The National Prayer Service: A report from the Great Choir

Hi folks,

Just back from the National Prayer Service. [On demand video of service here.] The Rev. Dr. Sharon E. Watkins preached a heck of a sermon, but for me the high points of the morning were musical: the gently rocking harmonies of the Washington Performing Arts Society’s Children of the Gospel Choir (Annisse Murillo, soloist) singing He’s Got the Whole World in his Hands; the impassioned majesty of Amazing Grace as sung by Dr. Wintley Phipps, President of U. S. Dream Academy; and the sweet, serene tones of The Cathedral Choir whose version of America the Beautiful makes plain the profoundly prayerful essence of that song.

Amazing Grace

America the Beautiful

I was also taken by the jubilant elegance with which the Rev. Dr. Cynthia L. Hale of Ray of Hope Christian Church (Disciples of Christ) in Decatur, Georgia read the first reading (Isaiah 58:6-12).

The Obamas are either prayerful folk, or expert mimics. From my seat in the Great Choir—The cathedral clergy and diocesan canons processed with the altar party, and then sat blessedly out of sight.—I could see them throughout the service and their attention never wavered.

Before the service, President and Mrs. Obama met privately with the Bishop John Bryson Chane, Dean Samuel T. Lloyd III, John H. Shenefield, chair of the Cathedral Chapter and their wives. Bishop Chane said the ten-minute meeting was as relaxed and informal as a quick get-together of this sort can be. He asked the president if he was tired after his hectic day yesterday, and President Obama said no, and that he was having a good time. “These are young people,” the bishop told me later.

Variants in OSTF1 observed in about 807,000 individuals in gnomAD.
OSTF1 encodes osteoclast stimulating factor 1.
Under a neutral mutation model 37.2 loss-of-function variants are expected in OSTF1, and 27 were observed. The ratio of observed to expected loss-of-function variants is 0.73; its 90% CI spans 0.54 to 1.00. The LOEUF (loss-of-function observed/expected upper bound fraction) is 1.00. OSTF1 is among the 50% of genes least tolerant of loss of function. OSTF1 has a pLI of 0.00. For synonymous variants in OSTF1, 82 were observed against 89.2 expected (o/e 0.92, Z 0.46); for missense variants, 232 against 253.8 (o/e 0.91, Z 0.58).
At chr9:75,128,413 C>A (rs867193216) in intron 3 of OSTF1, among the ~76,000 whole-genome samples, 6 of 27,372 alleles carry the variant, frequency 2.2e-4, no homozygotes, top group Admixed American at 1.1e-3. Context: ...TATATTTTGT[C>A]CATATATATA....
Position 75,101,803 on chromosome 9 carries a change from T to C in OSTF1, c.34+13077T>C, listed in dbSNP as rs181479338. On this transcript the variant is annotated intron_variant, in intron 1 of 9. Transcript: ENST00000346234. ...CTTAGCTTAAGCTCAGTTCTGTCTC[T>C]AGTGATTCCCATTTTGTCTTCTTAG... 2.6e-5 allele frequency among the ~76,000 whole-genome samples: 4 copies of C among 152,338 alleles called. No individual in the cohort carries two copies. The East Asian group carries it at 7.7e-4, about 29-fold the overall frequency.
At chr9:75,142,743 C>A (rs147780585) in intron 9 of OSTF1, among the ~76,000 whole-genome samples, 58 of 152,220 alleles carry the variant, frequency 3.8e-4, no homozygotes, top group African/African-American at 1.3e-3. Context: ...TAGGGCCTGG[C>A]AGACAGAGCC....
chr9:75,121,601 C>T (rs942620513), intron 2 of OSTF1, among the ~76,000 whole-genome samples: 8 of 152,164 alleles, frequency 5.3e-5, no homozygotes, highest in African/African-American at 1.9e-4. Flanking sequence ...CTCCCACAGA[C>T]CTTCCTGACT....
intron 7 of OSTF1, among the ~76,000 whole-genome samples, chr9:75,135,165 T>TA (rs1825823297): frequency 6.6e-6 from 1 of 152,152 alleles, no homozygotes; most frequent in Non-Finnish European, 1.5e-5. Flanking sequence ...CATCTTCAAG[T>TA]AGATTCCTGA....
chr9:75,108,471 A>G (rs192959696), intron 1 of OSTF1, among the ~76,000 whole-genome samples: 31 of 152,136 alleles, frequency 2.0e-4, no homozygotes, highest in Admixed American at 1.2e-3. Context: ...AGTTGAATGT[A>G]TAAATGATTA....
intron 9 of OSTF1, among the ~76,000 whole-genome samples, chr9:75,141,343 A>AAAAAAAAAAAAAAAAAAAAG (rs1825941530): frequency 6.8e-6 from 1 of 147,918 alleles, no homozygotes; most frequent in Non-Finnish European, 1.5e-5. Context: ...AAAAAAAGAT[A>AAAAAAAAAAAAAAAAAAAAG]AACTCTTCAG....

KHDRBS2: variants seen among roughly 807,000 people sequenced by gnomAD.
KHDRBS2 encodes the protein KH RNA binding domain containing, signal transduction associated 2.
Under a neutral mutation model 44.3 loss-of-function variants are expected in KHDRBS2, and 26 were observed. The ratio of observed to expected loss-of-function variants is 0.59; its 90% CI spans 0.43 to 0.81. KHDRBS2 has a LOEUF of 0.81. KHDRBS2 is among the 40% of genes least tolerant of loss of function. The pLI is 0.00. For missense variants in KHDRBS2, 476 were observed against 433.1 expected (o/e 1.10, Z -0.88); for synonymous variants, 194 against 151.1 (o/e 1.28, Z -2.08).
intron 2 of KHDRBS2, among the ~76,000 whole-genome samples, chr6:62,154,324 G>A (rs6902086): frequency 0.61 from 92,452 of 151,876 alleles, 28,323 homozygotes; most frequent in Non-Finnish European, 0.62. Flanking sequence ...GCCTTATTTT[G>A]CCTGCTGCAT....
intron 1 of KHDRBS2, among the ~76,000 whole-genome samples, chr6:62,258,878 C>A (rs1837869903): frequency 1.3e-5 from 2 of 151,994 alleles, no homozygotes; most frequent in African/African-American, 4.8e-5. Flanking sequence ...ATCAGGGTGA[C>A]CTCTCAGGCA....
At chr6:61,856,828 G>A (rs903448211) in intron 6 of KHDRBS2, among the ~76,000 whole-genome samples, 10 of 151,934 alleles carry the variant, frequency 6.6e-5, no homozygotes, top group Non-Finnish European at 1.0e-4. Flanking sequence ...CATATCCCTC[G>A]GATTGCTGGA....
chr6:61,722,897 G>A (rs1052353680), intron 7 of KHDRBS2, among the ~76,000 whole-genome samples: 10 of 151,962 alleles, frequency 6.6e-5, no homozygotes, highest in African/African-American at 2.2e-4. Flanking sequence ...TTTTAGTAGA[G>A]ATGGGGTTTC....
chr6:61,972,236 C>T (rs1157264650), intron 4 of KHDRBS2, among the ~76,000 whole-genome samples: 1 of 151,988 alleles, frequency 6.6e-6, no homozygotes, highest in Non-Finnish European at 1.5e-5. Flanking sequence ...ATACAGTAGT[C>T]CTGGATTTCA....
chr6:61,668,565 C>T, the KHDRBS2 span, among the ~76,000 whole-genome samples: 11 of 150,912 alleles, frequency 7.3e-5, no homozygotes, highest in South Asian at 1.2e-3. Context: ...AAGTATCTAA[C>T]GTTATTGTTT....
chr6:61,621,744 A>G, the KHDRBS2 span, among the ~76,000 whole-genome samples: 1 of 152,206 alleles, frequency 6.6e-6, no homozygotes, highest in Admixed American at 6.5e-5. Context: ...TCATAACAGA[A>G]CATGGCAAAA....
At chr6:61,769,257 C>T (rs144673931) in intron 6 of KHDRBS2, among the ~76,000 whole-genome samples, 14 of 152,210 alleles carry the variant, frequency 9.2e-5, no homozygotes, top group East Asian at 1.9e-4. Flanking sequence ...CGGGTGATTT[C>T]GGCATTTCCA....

Karen Chane and Michelle Obama talked about the Obama’s daughters first night in the White House. (I am withholding the details, not because they are especially revealing, but because the children are off limits.)

The bishop said the Obamas are an unpretentious couple. “It was like meeting your neighbors across the back fence,” he said. “That’s just how they carry themselves.”

After the service former President Bill Clinton stuck around for a long time chatting with the crowd, while people climbed the altar steps to get above the crowd so they could take pictures of him.

Mary Francis Schjonberg of Episcopal News Service is working on her story in the office next to mine. We will link to it later.


Jim Naughton

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